With Silicon-based CCD detectors, artifacts from cosmic radiation are increasing with longer exposure times (several seconds). These are called cosmic spikes.

This function detects spikes and interpolates the spectrum in the range of the spike. All other spectral data points remain totally unchanged. Spectra without spikes remain also unchanged. As an option, you can define the maximum width for a found spike location (default is 5 pixels). Any found, wider spike artifact is not removed, to make sure not to change spectral features. Use a smaller value for spectra with poor resolution, in order to prevent erroneous removal of narrow spectral peaks. Another options is "backward removal" which applies the same algorithm from right to left, thus occasionally finding some undetected spikes from a first run.

Hint: you will find a myriad of cosmic spike removal algorithms in literature, many of which are rather complicated. I devised this simple algorithm for my own use around year 2001-2002, it was already part of the previous Spekwin32 software for many years. The algorithm is based on the very different shape of a spike artifact compared to a spectral peak in the spectrum's 1st derivative. Based on this differentiation, the assigned spike area gets interpolated by a moving average. For a long time, I couldn't find something comparable in literature. It seems, this finally changed in 2018...

Remove a peak

This function exactly does what its name says. Just enter the peak location and its FWHM and the spectrum gets interpolated in that area.
Hint: There are only few uses, where making a measured peak go away is considered a proper task. Handle with care!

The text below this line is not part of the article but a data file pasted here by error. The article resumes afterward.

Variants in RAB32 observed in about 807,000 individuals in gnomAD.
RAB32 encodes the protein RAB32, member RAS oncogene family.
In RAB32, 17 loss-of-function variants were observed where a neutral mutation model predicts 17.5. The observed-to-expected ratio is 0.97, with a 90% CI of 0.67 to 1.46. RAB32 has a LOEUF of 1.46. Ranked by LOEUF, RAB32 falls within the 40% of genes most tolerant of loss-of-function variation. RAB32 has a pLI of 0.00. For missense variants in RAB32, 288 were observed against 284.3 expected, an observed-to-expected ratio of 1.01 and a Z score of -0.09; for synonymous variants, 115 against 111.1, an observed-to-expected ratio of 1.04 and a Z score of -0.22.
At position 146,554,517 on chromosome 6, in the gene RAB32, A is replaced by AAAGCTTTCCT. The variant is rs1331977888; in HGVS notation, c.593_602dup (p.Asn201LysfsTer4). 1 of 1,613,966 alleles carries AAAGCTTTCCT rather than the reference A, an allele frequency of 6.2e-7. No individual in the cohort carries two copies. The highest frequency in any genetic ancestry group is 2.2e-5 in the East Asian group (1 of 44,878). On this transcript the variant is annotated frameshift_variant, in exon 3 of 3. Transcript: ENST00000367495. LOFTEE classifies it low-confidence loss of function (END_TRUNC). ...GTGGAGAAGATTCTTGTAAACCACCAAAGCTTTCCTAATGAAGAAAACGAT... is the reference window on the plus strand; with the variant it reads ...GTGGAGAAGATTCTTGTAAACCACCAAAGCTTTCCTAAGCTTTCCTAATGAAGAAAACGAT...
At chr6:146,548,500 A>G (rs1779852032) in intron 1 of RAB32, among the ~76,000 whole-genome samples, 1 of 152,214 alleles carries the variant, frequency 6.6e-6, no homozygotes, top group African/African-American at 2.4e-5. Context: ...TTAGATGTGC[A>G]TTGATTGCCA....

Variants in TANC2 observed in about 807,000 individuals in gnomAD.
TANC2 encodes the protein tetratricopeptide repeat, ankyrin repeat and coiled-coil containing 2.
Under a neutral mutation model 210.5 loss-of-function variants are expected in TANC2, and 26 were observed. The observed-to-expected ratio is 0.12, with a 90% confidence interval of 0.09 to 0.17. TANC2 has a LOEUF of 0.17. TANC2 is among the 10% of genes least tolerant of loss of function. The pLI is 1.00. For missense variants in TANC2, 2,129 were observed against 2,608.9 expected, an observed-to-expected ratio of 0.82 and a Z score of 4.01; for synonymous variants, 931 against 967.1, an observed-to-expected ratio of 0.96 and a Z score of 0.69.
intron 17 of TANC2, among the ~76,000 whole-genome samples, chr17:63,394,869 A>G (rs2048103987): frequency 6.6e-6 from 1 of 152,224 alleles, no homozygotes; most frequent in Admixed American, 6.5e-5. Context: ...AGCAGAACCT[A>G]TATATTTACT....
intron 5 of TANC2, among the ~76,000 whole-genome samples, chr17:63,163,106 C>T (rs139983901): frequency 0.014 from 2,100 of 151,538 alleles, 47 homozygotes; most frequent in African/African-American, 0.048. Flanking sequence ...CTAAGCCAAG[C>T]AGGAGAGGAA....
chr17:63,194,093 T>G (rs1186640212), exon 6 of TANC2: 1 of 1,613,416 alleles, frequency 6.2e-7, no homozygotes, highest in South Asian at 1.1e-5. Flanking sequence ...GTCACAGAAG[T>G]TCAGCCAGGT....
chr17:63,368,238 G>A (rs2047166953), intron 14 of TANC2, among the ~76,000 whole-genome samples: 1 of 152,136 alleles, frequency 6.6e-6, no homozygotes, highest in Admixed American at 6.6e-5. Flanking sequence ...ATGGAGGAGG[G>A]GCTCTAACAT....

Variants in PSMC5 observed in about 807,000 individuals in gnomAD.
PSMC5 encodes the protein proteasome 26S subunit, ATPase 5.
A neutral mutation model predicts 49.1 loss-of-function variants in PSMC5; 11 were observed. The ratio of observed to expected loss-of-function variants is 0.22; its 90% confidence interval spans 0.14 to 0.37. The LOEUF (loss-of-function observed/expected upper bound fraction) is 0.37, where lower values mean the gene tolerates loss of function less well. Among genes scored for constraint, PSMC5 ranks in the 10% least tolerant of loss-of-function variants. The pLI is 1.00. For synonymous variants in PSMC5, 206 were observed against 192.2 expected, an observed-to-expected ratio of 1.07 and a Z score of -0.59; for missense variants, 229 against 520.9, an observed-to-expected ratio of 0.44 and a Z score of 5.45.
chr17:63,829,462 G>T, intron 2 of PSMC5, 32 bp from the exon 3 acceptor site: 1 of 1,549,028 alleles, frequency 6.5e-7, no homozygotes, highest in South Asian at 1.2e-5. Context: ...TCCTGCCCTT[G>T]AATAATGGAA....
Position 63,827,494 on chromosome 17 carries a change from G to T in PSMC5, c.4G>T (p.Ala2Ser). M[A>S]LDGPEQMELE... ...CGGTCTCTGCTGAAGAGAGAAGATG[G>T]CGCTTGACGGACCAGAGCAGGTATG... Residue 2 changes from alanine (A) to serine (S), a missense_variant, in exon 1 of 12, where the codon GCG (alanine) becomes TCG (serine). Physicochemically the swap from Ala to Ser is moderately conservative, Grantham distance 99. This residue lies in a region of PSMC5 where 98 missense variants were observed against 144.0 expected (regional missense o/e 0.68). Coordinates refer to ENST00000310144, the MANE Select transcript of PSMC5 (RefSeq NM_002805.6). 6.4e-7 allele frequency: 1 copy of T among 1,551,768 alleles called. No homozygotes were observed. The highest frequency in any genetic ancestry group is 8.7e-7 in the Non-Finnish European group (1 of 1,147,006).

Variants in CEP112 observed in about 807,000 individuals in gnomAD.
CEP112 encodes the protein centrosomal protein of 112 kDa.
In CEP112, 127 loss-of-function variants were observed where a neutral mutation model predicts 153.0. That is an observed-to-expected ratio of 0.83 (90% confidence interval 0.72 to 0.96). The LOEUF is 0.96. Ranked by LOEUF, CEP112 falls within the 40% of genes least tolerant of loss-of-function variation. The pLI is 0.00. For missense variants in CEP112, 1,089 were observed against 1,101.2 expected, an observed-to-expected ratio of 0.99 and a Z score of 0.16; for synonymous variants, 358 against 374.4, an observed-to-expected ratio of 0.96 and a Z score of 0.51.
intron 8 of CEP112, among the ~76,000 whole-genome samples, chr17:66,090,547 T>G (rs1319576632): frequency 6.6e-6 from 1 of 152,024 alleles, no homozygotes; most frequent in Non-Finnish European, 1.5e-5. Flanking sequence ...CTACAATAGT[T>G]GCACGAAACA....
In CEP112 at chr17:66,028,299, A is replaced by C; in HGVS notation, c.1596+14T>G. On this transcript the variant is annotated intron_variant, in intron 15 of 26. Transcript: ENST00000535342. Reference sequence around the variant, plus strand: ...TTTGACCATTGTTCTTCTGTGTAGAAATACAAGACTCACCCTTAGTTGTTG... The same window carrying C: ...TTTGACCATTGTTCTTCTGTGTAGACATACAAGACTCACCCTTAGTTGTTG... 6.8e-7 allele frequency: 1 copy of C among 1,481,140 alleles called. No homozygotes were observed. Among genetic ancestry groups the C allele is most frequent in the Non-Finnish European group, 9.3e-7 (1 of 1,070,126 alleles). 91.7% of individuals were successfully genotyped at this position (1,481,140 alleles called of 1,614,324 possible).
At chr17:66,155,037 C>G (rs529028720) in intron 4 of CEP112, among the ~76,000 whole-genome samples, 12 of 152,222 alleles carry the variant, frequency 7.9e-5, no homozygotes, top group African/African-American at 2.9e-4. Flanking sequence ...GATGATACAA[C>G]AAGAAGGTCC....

Spectrum Part Cut off

For cutting away a part of the spectrum from one or both sides (start and end). Enter the new start and end values for the remaining range manually, or else interactively move the two vertical cursors shown together with the function's window. After applying the new boundaries with Apply, the window will stay open to allow more changes. When finished, click the Close button.

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Correct System Sensitivity

For correcting the wavelength-dependent system sensitivity (mainly introduced by fibers, gratings and detectors) of emission spectrometers (fluorescence, Raman, radiometry...). Sensitivity correction yields "true spectra" as output.

Load the correction curve with the Load correction Curve button (any file format accepted, data should consist of sensitivity against wavelength). Spectral data will be divided by the loaded correction curve, which persists for the current session.

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Chemometric preprocessing

For preparing spectra for chemometric analysis, a number of processing steps are often used, like file conversion, baseline removal, normalization, smoothing, derivatives and so on. These three functions are often used as a data pretreatment especially on NIR spectra before actual chemometric analysis, in order to remove time-dependent drift that is irrelevant to actual sample characteristics, but would interfere with analysis. Recommended reads for in-depth explanation of such algorithms can be found here, here and here.

SNV (standard normal variates) is often used on spectra where baseline and pathlength changes cause differences between otherwise identical spectra. It works by normalizing the averages of whole spectra.

MSC (multiplicative scatter correction) has proven to be effective in minimizing baseline offsets and multiplicative effect. It is achieved by regressing a measured spectrum against a reference spectrum and then correcting the measured spectrum using the slope and intercept of this linear fit. You can either load a reference spectrum or use an average of the whole data as reference.

Detrending is performed through subtraction of polynomial fit of baseline from the original spectrum to remove tilted baseline variation, usually found in NIR reflectance spectra of powdered samples. The order of the used polynomial can be selected.